- Don’t be passive in describing goals, challenges – even setbacks you might have faced – priorities, achievements, things you made. Quantify your successes where you can. You’re showing that you can do the job you’re applying for because of how you work, not simply where you’ve worked at in the past.
Take careful aim, then target
A generic CV was always likely to get you lost in the shuffle, and you’d always be advised to target your CV to the specific job – or at the very least the sector – you’re applying for. Moving away from static CVs allows us more opportunities to contextualise our skills and experience based on what we know about our audience… and ourselves.
- CVs are in reverse-chronological order because that’s the logical way of laying out information on a literally flat space. But the skills and relevant experience that you acquired from your various jobs (or education, or hobbies, or non-work responsibilities) are not applicable in strictly chronological format. You’ll take knowledge from different points of your past career to succeed in the present. How this works in practice will differ in every application, but try to get out of the regimented order that CVs have ingrained in everyone. Instead order your successes in the way that’s most understandable for the potential employer.
What this all really means: you are your portfolio
All the CVs we’ve looked at in this article are both a portfolio piece and a mini-portfolio in themselves.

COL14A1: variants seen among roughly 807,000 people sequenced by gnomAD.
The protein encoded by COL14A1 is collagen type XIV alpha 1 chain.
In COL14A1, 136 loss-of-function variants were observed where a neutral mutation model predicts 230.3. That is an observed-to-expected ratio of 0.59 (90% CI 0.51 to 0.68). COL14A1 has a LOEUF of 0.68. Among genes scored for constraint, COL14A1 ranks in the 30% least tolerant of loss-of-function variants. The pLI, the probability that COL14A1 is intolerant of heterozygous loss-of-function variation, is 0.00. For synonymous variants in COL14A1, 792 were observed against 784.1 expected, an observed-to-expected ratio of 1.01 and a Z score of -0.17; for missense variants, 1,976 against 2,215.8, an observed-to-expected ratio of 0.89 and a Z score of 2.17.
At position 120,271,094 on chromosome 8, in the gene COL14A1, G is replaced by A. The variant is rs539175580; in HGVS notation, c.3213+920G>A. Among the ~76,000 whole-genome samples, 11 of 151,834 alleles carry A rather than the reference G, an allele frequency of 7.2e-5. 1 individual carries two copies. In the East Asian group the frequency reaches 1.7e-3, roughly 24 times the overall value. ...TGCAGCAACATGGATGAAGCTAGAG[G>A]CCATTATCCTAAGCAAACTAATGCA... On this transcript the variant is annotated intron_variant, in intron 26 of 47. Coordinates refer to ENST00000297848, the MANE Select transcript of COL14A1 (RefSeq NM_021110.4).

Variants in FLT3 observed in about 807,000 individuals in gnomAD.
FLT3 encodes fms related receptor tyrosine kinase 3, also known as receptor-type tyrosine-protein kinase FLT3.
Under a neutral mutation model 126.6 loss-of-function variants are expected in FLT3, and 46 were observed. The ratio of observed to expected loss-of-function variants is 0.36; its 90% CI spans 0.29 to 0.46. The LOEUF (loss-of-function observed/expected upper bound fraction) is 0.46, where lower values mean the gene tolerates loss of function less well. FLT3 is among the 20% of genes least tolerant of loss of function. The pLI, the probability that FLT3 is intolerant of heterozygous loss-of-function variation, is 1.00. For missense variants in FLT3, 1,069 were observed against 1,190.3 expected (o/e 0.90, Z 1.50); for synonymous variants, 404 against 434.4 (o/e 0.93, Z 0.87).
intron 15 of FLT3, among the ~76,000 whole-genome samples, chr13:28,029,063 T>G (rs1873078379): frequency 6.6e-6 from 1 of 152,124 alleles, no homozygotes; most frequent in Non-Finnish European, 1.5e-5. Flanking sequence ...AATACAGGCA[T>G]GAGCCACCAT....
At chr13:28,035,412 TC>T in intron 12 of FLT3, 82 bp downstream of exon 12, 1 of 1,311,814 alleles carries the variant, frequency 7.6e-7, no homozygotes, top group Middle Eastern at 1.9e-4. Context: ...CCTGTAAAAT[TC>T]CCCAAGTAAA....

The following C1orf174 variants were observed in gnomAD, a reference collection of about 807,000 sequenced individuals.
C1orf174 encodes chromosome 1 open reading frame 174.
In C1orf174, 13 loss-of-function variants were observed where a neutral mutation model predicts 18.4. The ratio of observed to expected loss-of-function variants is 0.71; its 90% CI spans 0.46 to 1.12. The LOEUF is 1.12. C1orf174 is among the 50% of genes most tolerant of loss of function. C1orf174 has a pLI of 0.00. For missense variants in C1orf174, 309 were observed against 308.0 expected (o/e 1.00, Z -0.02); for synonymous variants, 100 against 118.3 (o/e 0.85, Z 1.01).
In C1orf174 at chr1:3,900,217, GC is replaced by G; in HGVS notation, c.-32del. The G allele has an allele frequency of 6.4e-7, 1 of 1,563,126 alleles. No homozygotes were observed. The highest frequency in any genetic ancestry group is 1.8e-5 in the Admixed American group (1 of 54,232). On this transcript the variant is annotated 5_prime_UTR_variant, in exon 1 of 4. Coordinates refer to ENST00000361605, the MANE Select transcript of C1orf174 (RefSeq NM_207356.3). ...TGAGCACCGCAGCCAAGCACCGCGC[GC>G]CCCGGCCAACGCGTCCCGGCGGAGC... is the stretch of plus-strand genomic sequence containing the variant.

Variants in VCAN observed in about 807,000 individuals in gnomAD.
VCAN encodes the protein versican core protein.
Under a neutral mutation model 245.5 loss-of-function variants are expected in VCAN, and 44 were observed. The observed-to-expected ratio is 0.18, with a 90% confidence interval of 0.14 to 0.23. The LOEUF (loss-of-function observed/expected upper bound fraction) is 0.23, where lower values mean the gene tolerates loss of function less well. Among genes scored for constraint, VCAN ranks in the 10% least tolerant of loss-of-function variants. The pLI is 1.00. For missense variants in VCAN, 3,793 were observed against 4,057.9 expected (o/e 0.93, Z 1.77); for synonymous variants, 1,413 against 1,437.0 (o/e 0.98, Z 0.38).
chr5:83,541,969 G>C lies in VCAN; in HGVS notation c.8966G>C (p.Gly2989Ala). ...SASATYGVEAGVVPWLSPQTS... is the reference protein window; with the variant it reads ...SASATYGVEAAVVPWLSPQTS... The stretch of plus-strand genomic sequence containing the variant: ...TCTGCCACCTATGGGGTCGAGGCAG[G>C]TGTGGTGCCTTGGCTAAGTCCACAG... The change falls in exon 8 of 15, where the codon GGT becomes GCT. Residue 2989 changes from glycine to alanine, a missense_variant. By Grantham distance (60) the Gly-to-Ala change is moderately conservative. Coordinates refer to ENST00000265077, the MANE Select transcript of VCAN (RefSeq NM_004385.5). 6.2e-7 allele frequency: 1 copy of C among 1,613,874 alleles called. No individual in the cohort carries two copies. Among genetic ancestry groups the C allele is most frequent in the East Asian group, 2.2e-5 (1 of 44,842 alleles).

Maybe designers have it easy. It already seems crazy to employ a graphic artist based on a couple of pieces of paper with their places of work written on them, rather than a portfolio of their actual work. A concrete demonstration of skills should be enough to get you to at least the interview stage.
Not everyone is a graphic designer. Most people’s work is less simple to quantify. But as we peer into our crystal ball of future hiring tools, a professional’s log of their skills and experiences looks a lot more like a portfolio than a traditional CV.
Concrete examples of skills – either project-based or simply fleshed-out explanations of particular challenges and solutions – supercede your chronological work history. Tangible evidence of what you actually did is much more valuable to employers than what is essentially name-dropping about where you worked.
The narrative you weave – the things you focus on, the way you link and relate your projects, the lessons you learned and what you demand from the future – all say more about your transferable skills and personality than even the most finely crafted personal statement ever could. Ditching the reverse-chronological thinking of CVs lets you clarify and group your strengths in a way that employers can instantly understand and evaluate.
Focusing on unique attributes – stuff that won’t be in anyone else’s portfolio – is the best way to stand out. Tailoring your medium to the one that’s right for you (or your audience) shows self-awareness, understanding and diligence.
This doesn’t have to be laid out on pictureboard, or on a website. Internalising this way of thinking – that you are your own portfolio – could lead to more valuable interviews, a better understanding of what you bring to the table and, perhaps, a greater understanding of your career’s trajectory. This entry leads to that entry. These projects, when finally grouped together, show what you really care about. Making it representative gives clarity about exactly whom it’s representing.
We’re not quite there, so don’t bin the CV just yet. But whatever platform you use to sell yourself – even if it’s two bits of A4 paper – try envisioning it as a portfolio of your work, the real stuff, the important stuff. See if that makes it more effective.
We’ll be busy building a future where you can chuck your CV away.
Where everyone is their own portfolio.